The black-and-white documentary-style film, which Clooney co-wrote, produced, directed and in which he plays "See It Now" producer Fred
Friendly, won best screenplay for Clooney and Grant Heslov and best actor honors for David Strathairn this month at the Venice Film Festival and will open the New York Film Festival on Friday. It will be released in the U.S. on Oct. 7.
Normally, the small, $8-million "Good Night, and Good Luck" would be the sort of politically relevant film that comes and goes and makes a paltry $500,000, Clooney said recently. But by coincidence, the film has hit at a moment when its main point — journalists need courage to combat both government officials who try to intimidate them and corporate bosses who want them to entertain viewers — is sparking in real life.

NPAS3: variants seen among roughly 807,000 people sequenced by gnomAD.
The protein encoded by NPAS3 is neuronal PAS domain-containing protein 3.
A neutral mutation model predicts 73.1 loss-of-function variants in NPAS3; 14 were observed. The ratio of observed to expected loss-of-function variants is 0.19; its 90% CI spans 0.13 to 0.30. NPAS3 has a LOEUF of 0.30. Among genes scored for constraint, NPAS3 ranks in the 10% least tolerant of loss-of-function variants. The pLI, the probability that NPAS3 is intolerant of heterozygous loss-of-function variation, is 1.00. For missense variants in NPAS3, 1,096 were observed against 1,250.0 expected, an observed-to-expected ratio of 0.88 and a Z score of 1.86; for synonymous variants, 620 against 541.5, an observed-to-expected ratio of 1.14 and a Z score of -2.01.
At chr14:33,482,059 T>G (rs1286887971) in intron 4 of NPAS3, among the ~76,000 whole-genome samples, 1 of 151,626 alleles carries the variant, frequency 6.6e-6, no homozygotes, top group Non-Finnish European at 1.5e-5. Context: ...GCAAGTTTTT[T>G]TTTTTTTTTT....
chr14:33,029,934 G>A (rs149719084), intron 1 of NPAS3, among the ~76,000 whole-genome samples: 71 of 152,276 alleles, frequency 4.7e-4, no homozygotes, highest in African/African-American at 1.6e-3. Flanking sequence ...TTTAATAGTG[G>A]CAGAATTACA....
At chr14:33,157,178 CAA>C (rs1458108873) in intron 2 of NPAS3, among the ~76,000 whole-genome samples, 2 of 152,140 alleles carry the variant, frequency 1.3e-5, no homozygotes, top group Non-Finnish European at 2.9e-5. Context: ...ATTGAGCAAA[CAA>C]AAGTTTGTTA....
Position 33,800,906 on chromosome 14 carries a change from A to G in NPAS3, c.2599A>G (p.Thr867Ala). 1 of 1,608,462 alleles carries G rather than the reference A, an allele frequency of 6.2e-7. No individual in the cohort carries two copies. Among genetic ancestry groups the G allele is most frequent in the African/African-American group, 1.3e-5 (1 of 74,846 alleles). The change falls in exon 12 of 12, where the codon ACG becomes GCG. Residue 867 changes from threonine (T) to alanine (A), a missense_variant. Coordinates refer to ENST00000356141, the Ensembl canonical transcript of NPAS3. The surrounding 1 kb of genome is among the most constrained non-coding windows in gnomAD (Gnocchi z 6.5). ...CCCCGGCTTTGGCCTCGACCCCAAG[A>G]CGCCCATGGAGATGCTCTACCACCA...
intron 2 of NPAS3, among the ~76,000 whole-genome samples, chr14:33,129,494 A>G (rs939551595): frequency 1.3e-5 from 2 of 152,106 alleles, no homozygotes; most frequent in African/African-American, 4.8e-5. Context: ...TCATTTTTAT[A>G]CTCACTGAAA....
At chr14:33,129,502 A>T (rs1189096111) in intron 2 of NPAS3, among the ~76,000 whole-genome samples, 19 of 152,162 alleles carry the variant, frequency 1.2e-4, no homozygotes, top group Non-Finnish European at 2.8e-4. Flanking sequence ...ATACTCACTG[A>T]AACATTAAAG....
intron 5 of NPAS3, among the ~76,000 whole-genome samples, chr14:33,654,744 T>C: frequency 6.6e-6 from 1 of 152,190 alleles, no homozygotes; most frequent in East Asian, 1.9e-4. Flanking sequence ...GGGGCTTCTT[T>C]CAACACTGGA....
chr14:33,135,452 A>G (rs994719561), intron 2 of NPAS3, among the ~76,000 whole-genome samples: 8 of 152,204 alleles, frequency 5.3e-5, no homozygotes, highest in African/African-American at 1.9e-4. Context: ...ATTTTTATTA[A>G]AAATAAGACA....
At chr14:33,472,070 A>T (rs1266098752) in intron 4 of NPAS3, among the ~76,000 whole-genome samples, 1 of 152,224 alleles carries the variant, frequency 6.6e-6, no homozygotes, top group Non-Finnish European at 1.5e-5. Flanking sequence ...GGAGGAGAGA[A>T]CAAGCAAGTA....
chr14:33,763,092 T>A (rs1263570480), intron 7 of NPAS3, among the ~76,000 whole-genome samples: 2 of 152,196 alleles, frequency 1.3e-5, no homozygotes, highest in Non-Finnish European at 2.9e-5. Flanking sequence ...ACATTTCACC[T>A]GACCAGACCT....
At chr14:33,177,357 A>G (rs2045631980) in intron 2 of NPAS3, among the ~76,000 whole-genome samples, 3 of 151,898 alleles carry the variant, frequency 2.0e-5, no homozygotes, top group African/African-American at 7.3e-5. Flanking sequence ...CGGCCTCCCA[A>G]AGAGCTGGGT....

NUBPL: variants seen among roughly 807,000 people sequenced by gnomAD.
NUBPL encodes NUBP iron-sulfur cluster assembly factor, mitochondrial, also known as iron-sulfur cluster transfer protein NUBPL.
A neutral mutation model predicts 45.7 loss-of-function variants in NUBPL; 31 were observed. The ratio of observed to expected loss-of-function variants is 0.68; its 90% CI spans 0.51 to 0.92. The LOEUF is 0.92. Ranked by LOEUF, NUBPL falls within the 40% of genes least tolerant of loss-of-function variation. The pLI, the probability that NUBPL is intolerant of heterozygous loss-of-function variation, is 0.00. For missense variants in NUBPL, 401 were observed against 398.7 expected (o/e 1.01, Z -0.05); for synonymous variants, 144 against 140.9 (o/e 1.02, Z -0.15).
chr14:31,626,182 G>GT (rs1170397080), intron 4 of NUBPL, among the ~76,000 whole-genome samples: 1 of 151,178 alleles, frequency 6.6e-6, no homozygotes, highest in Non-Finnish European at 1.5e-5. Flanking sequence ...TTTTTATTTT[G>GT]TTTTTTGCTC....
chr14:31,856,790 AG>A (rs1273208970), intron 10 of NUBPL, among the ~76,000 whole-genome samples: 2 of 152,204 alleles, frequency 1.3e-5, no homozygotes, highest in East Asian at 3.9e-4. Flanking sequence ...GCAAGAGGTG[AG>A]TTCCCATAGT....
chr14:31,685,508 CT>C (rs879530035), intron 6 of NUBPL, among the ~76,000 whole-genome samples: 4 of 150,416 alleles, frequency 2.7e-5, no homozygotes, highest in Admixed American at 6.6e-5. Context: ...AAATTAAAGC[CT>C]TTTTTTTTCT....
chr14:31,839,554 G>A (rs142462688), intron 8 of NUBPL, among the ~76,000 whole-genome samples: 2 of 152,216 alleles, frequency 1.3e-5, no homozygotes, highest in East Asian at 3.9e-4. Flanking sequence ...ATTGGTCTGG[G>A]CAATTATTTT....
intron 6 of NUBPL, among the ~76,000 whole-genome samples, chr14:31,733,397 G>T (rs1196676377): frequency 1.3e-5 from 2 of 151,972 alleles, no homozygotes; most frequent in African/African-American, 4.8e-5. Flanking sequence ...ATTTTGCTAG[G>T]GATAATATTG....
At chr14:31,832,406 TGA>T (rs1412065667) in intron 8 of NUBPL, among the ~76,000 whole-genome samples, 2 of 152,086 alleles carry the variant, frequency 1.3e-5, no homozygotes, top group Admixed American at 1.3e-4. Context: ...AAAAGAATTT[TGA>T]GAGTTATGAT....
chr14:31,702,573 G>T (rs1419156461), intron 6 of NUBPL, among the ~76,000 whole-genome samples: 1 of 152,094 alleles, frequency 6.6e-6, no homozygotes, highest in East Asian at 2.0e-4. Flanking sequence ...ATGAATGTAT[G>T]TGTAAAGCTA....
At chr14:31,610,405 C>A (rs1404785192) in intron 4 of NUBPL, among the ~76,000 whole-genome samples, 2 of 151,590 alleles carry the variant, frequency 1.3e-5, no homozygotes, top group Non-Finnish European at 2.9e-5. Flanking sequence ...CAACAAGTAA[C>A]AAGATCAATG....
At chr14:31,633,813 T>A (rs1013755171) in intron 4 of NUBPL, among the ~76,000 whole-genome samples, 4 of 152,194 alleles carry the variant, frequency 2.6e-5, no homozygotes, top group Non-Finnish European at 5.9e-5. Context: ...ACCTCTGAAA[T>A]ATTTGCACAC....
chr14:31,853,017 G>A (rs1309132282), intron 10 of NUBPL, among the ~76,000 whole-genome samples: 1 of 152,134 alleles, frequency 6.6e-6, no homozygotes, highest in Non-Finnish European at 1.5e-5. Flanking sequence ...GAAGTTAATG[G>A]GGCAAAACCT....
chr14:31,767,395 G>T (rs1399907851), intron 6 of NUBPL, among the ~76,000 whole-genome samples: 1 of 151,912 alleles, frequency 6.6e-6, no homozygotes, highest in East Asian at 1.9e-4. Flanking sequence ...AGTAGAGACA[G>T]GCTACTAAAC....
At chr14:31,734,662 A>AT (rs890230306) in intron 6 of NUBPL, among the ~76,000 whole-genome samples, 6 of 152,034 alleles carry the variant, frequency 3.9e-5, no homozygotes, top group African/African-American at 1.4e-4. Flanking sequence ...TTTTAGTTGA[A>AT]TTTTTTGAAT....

In other words, it's a movie about how reporters need to do better at standing up to Republicans.